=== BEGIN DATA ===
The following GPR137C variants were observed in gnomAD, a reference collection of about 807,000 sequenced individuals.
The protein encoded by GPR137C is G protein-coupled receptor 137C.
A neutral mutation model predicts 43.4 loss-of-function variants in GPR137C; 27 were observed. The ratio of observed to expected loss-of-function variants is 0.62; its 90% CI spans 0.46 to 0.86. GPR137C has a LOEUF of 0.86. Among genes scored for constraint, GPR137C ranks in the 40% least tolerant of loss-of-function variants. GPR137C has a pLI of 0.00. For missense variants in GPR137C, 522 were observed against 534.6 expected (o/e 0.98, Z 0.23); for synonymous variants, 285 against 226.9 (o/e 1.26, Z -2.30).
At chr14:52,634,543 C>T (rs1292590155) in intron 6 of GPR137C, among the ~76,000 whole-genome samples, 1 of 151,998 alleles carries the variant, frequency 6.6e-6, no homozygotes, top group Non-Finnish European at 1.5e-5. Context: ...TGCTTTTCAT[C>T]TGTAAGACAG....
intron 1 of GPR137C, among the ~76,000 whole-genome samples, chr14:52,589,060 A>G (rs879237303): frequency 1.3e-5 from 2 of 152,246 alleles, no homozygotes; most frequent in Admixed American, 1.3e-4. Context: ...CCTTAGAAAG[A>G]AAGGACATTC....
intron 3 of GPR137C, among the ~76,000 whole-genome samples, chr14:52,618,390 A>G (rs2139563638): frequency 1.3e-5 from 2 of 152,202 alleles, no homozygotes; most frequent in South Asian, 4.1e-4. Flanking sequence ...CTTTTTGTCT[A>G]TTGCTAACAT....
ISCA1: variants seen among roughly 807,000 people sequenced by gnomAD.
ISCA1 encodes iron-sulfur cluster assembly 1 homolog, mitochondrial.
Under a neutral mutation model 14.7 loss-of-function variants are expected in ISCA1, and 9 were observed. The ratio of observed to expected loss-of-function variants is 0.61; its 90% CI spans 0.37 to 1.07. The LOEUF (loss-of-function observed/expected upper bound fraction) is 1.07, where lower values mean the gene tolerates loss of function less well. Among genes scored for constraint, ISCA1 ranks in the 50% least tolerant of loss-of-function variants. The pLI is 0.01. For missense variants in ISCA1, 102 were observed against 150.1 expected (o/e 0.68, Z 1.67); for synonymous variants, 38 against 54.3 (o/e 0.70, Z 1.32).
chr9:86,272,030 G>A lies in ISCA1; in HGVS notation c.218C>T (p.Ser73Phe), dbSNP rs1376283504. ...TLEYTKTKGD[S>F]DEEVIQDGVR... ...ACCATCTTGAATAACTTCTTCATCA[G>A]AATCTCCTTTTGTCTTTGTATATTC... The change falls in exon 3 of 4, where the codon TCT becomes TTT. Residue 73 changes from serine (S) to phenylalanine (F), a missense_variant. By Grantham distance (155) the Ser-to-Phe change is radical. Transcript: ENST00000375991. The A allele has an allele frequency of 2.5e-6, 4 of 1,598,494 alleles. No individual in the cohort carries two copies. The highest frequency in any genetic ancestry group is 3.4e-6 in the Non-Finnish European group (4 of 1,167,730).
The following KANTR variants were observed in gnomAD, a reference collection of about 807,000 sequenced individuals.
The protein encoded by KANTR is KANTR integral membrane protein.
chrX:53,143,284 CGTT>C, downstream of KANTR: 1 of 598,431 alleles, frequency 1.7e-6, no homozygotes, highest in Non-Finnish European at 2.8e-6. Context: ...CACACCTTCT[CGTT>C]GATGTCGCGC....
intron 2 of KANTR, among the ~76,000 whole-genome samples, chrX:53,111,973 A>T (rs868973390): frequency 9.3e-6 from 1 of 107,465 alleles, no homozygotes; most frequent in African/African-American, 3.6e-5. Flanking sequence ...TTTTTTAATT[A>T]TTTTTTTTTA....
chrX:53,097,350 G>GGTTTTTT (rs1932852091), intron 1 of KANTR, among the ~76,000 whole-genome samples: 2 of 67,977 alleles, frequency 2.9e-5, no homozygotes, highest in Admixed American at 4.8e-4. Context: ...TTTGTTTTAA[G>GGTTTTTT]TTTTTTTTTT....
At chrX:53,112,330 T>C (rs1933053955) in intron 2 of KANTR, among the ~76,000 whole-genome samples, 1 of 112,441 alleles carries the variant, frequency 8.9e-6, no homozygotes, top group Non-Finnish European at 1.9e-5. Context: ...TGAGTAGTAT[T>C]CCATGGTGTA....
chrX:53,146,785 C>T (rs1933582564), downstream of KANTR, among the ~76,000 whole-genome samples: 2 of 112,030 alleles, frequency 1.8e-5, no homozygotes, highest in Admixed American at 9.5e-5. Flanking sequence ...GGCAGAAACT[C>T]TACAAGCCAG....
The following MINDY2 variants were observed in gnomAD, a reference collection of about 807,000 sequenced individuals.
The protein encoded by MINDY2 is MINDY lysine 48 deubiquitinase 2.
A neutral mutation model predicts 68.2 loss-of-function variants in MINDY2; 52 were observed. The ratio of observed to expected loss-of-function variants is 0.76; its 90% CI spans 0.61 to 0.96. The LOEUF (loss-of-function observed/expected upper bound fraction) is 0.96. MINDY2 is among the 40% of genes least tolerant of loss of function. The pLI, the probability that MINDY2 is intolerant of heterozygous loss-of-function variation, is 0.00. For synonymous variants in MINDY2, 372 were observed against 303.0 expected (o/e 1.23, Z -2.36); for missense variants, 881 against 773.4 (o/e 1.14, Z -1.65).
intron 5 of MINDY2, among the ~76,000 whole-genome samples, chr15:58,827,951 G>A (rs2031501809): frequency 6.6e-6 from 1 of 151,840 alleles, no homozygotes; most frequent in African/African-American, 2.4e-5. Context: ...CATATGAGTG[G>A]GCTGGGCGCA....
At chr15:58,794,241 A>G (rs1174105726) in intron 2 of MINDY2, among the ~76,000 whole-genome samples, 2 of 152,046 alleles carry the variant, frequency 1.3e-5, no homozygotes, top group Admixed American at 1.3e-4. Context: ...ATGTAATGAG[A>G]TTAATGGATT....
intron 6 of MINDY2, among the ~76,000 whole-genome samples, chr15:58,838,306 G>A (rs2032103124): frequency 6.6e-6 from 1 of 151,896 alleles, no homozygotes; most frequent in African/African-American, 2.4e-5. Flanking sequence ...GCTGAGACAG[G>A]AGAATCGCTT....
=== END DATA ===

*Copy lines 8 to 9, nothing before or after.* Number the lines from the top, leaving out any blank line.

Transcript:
ISCA1 encodes iron-sulfur cluster assembly 1 homolog, mitochondrial.
Under a neutral mutation model 14.7 loss-of-function variants are expected in ISCA1, and 9 were observed. The ratio of observed to expected loss-of-function variants is 0.61; its 90% CI spans 0.37 to 1.07. The LOEUF (loss-of-function observed/expected upper bound fraction) is 1.07, where lower values mean the gene tolerates loss of function less well. Among genes scored for constraint, ISCA1 ranks in the 50% least tolerant of loss-of-function variants. The pLI is 0.01. For missense variants in ISCA1, 102 were observed against 150.1 expected (o/e 0.68, Z 1.67); for synonymous variants, 38 against 54.3 (o/e 0.70, Z 1.32).